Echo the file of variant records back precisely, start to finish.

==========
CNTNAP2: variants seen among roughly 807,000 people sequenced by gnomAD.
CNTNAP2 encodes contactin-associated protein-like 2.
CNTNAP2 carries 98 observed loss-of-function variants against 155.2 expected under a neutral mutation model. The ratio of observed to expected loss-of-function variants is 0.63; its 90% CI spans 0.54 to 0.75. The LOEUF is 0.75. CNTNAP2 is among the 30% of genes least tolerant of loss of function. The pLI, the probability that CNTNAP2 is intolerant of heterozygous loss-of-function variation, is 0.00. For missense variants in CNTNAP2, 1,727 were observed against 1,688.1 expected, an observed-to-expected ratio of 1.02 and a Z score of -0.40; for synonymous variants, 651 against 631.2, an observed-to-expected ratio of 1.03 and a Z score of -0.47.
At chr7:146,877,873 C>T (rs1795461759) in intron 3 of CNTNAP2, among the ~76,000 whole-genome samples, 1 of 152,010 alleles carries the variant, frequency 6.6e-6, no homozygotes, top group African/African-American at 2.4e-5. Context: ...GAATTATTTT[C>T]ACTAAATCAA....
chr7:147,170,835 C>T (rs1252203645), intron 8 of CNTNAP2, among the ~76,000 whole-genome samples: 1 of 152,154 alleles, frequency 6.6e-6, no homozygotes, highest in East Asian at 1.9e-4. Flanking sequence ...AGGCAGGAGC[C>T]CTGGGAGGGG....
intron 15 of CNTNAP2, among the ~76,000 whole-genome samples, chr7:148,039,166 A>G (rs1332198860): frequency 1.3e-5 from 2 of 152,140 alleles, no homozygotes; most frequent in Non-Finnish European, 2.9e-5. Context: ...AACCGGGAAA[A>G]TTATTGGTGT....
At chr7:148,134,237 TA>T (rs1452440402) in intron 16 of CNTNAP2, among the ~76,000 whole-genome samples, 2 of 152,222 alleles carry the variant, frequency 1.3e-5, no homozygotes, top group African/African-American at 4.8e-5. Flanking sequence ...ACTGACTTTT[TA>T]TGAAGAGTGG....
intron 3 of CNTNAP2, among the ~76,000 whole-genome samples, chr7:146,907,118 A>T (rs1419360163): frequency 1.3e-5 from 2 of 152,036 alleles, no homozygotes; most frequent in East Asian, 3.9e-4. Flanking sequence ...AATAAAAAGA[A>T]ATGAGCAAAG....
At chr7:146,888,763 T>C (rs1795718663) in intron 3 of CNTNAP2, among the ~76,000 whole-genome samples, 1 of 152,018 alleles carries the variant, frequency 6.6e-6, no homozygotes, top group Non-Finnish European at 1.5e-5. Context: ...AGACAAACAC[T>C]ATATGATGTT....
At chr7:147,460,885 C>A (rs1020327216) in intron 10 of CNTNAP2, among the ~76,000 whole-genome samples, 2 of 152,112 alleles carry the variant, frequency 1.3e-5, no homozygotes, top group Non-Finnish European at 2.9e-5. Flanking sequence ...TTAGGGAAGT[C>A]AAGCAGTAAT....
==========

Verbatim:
CNTNAP2: variants seen among roughly 807,000 people sequenced by gnomAD.
CNTNAP2 encodes contactin-associated protein-like 2.
CNTNAP2 carries 98 observed loss-of-function variants against 155.2 expected under a neutral mutation model. The ratio of observed to expected loss-of-function variants is 0.63; its 90% CI spans 0.54 to 0.75. The LOEUF is 0.75. CNTNAP2 is among the 30% of genes least tolerant of loss of function. The pLI, the probability that CNTNAP2 is intolerant of heterozygous loss-of-function variation, is 0.00. For missense variants in CNTNAP2, 1,727 were observed against 1,688.1 expected, an observed-to-expected ratio of 1.02 and a Z score of -0.40; for synonymous variants, 651 against 631.2, an observed-to-expected ratio of 1.03 and a Z score of -0.47.
At chr7:146,877,873 C>T (rs1795461759) in intron 3 of CNTNAP2, among the ~76,000 whole-genome samples, 1 of 152,010 alleles carries the variant, frequency 6.6e-6, no homozygotes, top group African/African-American at 2.4e-5. Context: ...GAATTATTTT[C>T]ACTAAATCAA....
chr7:147,170,835 C>T (rs1252203645), intron 8 of CNTNAP2, among the ~76,000 whole-genome samples: 1 of 152,154 alleles, frequency 6.6e-6, no homozygotes, highest in East Asian at 1.9e-4. Flanking sequence ...AGGCAGGAGC[C>T]CTGGGAGGGG....
intron 15 of CNTNAP2, among the ~76,000 whole-genome samples, chr7:148,039,166 A>G (rs1332198860): frequency 1.3e-5 from 2 of 152,140 alleles, no homozygotes; most frequent in Non-Finnish European, 2.9e-5. Context: ...AACCGGGAAA[A>G]TTATTGGTGT....
At chr7:148,134,237 TA>T (rs1452440402) in intron 16 of CNTNAP2, among the ~76,000 whole-genome samples, 2 of 152,222 alleles carry the variant, frequency 1.3e-5, no homozygotes, top group African/African-American at 4.8e-5. Flanking sequence ...ACTGACTTTT[TA>T]TGAAGAGTGG....
intron 3 of CNTNAP2, among the ~76,000 whole-genome samples, chr7:146,907,118 A>T (rs1419360163): frequency 1.3e-5 from 2 of 152,036 alleles, no homozygotes; most frequent in East Asian, 3.9e-4. Flanking sequence ...AATAAAAAGA[A>T]ATGAGCAAAG....
At chr7:146,888,763 T>C (rs1795718663) in intron 3 of CNTNAP2, among the ~76,000 whole-genome samples, 1 of 152,018 alleles carries the variant, frequency 6.6e-6, no homozygotes, top group Non-Finnish European at 1.5e-5. Context: ...AGACAAACAC[T>C]ATATGATGTT....
At chr7:147,460,885 C>A (rs1020327216) in intron 10 of CNTNAP2, among the ~76,000 whole-genome samples, 2 of 152,112 alleles carry the variant, frequency 1.3e-5, no homozygotes, top group Non-Finnish European at 2.9e-5. Flanking sequence ...TTAGGGAAGT[C>A]AAGCAGTAAT....